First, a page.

As my old Ubuntu LTS 12.04 runs out of maintenance this year, I've setup a fresh system using Linux Mint 18.1 Cinnamon.

I am used to two independent clipboard buffers: Ctrl-C stores to the clipboard (which can be used with Ctrl-V then), while selecting text with the mouse goes to "primary" (which can be pasted via the middle mouse button then). That way I can copy two strings, and afterwards paste them separately.

This worked great ever since I started using Linux ~20 years ago. But now with Cinnamon, primary always gets copied to the clipboard automatically, leaving me with the same string in both buffers.

How to prevent that from happening?

Of course I have consulted other questions here, using the tag as well as search. Found several questions dealing with the very same issue, but none offered a solution to me:

and so on. I also used the DConf Editor to check for corresponding settings, no luck here either. Might have to do with how Cinnamon handles this (my primary guess), or the switch from X11 to Wayland is behind it (possible, but not that likely:¹ I've tried multiple clipboard managers like ClipIt, Glipper, and they could be configured to just consider one of the two for keeping snippets (while the system still copied things over)).

Any solutions?

UPDATE: I just noticed that both "buffers" stay separate while in graphical apps (i.e. Firefox text boxes, graphical editors etc) – but are merged as soon as I enter a text-based app (xterm, gnome-terminal). Maybe this gives a clue?

¹ Wayland ruled out. Though Mint 18.1 comes with some Wayland libs installed, it's running X11.

  • If you are using Wayland then, yes, the handling of the primary selection has changed. At one point it was not supported, but now seems to be.
    – meuh
    Commented Jan 8, 2017 at 16:01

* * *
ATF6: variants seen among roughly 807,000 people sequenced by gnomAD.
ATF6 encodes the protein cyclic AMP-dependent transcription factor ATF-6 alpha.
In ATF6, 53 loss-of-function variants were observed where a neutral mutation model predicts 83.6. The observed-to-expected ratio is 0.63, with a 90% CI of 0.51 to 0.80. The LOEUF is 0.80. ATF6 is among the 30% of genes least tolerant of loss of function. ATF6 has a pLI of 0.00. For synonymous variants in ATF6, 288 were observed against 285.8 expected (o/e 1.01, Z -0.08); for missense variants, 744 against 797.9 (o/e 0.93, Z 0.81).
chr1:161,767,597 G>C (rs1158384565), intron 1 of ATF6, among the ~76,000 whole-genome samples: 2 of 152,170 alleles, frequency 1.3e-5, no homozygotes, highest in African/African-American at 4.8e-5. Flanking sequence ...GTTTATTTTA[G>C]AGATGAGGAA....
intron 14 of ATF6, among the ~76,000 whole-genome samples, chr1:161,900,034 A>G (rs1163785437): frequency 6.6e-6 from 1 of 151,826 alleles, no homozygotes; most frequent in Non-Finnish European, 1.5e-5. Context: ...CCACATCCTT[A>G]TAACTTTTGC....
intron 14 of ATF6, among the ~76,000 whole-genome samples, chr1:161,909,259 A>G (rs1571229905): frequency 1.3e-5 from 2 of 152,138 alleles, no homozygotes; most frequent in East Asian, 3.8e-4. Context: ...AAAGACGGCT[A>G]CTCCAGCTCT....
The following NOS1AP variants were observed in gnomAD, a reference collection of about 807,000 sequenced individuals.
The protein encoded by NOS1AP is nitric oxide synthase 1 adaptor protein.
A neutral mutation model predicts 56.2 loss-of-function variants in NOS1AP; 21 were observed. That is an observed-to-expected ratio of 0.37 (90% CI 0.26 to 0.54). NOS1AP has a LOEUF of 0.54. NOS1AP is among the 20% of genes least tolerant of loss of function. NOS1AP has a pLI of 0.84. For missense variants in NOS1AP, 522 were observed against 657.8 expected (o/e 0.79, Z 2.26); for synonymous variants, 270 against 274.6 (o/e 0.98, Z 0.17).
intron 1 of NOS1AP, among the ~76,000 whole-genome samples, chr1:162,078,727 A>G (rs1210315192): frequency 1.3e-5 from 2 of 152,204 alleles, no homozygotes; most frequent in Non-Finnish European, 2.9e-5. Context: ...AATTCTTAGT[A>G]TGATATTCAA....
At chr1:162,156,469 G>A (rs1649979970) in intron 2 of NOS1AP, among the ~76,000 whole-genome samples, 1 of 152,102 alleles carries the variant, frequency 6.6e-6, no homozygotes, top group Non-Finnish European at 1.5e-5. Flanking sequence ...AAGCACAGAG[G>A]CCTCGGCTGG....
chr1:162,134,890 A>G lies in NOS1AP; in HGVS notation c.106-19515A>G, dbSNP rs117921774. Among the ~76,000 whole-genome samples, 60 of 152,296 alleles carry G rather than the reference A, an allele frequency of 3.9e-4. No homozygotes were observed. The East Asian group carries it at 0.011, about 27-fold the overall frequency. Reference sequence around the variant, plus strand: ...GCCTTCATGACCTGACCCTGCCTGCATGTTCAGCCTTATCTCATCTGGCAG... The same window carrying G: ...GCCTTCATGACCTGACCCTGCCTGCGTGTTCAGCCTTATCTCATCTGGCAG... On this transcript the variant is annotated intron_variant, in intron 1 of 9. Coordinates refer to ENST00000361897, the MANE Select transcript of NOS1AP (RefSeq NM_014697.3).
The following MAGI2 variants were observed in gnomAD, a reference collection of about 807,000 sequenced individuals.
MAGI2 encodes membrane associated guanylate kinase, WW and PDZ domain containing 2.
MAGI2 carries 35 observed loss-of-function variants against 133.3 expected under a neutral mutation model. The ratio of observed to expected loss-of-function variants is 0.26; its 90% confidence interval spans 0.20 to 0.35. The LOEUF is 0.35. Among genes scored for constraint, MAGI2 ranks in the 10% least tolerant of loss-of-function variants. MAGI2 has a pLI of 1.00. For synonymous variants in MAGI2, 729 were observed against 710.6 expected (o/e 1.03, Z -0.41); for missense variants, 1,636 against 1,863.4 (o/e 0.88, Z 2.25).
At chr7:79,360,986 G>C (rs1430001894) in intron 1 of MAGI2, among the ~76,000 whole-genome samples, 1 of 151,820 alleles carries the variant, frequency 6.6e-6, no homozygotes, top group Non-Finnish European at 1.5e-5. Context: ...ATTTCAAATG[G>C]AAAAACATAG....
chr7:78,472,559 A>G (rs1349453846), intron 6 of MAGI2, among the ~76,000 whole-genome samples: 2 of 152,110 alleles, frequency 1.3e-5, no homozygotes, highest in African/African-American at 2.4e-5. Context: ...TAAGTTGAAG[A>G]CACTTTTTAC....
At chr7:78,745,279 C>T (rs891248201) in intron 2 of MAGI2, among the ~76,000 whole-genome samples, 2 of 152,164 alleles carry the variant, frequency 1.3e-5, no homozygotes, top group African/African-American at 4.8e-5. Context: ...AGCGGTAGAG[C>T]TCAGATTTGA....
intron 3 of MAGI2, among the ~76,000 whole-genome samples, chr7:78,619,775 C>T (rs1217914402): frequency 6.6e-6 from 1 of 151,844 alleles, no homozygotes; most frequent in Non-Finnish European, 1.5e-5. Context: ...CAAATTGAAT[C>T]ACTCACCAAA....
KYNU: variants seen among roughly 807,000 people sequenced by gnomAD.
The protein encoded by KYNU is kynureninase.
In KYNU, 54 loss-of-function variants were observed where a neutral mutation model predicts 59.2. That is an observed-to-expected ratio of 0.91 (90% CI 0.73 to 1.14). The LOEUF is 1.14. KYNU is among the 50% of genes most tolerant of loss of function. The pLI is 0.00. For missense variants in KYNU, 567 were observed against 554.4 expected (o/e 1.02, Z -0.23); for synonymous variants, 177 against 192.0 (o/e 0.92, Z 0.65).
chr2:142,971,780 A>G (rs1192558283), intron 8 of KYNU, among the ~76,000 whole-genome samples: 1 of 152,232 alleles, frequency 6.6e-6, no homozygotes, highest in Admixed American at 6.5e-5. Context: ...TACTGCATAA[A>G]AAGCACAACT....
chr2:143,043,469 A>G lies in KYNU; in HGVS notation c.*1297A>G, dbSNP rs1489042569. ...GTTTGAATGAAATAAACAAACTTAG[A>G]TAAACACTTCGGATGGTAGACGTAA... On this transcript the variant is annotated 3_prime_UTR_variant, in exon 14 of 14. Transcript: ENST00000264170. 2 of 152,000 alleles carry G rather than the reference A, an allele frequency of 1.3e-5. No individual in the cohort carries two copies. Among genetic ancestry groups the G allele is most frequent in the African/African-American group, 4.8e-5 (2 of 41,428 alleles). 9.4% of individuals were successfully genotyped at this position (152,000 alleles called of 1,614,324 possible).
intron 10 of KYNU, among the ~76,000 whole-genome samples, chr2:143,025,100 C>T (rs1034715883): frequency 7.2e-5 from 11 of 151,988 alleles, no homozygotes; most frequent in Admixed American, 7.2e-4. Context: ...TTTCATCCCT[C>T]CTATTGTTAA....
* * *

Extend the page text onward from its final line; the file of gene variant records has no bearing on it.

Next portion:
• @meuh I'm not sure if I am – how to find out? According to dpkg -l, there are 4 wayland libs installed, including libwayland-server0 – but also a lot of x11 libs. And ps aux doesn't show a single process matching either "wayland" or "x11", case insensitive. // Thanks for the link! Interesting read, but unfortunaly only talks about "we should" – but not how it might be enabled.
    – Izzy
    Commented Jan 8, 2017 at 18:48
  • 1
    If using systemd run loginctl to find your session number, eg 1, then run loginctl show-session 1 -p Type. It would say Type=x11 for good old X11.
    – meuh
    Commented Jan 8, 2017 at 19:06
  • Thanks, it does. So we can rule out Wayland being the issue here. Should make things easier. Is there some setting for e.g. ~/.xsessionrc? Or is it rather the display manager (mdm in my case) responsible for that? Did a recursive grep -i clip on /etc/X11, but couldn't find anything that seemed related.
    – Izzy
    Commented Jan 8, 2017 at 19:14

1 Answer 1


Having played with it a bit more first made things even more strange: in console mode, Shift-Insert seems to insert PRIMARY, not CLIPBOARD – so those are kept separate, as back in a graphical app (e.g. a textbox in Firefox), I am still able to Ctrl-V what I originally had CTRL-Cd there.

Checking further, CLIPBOARD is available in console via CTRL-SHIFT-V for pasting and CTRL-SHIFT-C for copying.

Conclusion: My question was wrong. It's the hotkeys that changed. So I might need to either get used to those key bindings – or ask a new question: how to change them (or modify Shift-Insert accordingly). But first I need to search if nobody else asked that already :)

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